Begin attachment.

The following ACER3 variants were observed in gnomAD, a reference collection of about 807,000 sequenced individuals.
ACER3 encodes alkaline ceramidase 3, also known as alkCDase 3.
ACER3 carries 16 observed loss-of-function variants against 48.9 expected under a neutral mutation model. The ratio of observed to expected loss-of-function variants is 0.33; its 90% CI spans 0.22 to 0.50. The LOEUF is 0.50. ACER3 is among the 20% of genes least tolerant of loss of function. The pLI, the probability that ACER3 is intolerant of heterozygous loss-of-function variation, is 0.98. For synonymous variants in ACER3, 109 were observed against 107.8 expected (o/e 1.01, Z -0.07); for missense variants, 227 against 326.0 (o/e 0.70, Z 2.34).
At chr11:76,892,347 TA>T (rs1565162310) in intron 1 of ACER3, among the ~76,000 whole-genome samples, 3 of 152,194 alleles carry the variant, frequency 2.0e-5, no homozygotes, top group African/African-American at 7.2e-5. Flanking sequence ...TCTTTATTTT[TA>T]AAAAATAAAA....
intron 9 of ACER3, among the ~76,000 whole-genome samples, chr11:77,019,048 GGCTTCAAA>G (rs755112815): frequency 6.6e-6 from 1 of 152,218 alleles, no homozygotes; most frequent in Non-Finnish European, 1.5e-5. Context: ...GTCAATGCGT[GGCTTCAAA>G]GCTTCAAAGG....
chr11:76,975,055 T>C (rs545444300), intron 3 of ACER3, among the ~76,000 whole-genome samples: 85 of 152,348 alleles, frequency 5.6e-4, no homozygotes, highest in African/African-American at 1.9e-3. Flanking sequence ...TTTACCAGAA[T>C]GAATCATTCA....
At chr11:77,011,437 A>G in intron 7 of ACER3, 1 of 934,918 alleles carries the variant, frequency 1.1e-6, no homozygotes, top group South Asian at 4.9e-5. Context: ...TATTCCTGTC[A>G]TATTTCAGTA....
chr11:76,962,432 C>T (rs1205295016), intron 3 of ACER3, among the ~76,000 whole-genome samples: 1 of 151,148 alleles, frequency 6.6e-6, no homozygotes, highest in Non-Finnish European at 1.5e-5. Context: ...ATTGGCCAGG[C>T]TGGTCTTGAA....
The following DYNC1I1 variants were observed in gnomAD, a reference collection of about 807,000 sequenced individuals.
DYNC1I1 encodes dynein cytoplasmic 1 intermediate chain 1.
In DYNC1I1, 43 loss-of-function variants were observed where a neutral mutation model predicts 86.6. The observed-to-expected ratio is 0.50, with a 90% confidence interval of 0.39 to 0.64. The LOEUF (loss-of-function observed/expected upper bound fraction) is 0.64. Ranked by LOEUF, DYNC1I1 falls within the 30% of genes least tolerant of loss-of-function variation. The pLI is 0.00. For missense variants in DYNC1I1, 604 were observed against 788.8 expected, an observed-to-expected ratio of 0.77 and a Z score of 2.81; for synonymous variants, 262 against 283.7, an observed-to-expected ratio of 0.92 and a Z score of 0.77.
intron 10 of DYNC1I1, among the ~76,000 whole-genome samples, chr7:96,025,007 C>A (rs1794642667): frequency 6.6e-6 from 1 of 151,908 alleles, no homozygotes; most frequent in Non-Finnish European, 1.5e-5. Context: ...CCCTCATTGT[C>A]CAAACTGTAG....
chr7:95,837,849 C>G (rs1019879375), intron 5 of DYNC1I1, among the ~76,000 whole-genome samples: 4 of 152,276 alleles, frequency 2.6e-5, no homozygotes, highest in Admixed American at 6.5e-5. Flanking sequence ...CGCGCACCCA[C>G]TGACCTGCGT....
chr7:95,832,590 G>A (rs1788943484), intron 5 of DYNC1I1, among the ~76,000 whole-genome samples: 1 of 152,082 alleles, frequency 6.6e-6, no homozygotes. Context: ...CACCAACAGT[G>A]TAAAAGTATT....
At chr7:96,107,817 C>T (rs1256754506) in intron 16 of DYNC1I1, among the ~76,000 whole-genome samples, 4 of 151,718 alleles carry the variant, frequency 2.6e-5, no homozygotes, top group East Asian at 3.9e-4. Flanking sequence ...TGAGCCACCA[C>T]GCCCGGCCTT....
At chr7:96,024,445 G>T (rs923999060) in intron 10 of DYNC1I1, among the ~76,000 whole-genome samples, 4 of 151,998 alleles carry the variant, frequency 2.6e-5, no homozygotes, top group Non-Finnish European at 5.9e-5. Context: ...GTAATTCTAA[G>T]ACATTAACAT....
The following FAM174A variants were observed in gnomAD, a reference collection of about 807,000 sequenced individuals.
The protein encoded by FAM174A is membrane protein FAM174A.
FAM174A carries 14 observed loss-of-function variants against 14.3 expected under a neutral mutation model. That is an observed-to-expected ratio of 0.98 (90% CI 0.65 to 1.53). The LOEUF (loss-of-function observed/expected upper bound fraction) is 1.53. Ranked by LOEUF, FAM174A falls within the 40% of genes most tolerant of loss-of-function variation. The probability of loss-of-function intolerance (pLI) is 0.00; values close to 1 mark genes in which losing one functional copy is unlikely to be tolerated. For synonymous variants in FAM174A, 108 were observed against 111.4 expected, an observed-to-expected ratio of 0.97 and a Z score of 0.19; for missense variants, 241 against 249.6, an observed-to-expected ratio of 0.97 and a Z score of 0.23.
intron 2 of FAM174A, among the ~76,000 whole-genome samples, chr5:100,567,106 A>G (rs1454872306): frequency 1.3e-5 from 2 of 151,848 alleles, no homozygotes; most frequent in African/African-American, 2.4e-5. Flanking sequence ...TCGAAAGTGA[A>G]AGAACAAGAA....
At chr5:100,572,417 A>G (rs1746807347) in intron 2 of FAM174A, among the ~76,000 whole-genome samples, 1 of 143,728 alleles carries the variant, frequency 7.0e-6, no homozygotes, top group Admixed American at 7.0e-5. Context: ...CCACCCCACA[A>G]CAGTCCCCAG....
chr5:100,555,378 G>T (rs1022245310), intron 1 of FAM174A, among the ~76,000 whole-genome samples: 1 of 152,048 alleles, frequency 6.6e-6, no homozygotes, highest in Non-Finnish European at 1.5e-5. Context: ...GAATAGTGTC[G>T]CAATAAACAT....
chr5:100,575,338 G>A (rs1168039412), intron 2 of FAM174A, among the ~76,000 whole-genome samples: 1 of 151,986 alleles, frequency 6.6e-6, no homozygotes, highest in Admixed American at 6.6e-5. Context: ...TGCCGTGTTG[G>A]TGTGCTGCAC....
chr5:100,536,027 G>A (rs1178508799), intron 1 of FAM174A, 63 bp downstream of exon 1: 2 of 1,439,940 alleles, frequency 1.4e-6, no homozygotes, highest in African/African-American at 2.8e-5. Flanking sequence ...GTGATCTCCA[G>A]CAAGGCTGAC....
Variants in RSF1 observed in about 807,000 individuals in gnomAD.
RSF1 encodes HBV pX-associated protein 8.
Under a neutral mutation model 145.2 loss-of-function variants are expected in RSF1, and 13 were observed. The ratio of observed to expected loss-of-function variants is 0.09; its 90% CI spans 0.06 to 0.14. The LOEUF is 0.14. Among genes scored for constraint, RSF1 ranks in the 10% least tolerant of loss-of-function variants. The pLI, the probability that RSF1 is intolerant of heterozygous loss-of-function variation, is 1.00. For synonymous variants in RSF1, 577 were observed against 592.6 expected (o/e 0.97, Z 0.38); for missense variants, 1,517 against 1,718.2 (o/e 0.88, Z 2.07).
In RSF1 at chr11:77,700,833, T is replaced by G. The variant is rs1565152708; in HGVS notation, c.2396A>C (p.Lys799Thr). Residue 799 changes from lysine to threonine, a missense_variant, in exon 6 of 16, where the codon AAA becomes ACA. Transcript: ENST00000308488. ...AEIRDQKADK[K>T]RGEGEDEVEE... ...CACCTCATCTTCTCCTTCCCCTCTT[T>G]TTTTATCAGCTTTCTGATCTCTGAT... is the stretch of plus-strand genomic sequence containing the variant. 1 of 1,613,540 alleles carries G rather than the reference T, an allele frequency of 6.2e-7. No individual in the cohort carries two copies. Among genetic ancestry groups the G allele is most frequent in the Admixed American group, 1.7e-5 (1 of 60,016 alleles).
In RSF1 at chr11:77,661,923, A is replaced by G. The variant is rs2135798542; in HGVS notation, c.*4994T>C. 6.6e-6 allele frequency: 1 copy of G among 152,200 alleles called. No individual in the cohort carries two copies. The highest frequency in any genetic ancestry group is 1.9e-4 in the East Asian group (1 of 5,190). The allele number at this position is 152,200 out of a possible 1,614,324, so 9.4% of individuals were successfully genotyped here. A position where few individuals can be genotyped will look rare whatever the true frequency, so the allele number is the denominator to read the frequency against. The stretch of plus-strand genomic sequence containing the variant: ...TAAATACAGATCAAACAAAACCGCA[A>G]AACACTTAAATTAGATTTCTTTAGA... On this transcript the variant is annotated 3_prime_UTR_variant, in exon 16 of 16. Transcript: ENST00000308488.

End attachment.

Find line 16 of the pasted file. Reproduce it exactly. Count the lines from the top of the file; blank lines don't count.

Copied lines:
At chr7:96,024,445 G>T (rs923999060) in intron 10 of DYNC1I1, among the ~76,000 whole-genome samples, 4 of 151,998 alleles carry the variant, frequency 2.6e-5, no homozygotes, top group Non-Finnish European at 5.9e-5. Context: ...GTAATTCTAA[G>T]ACATTAACAT....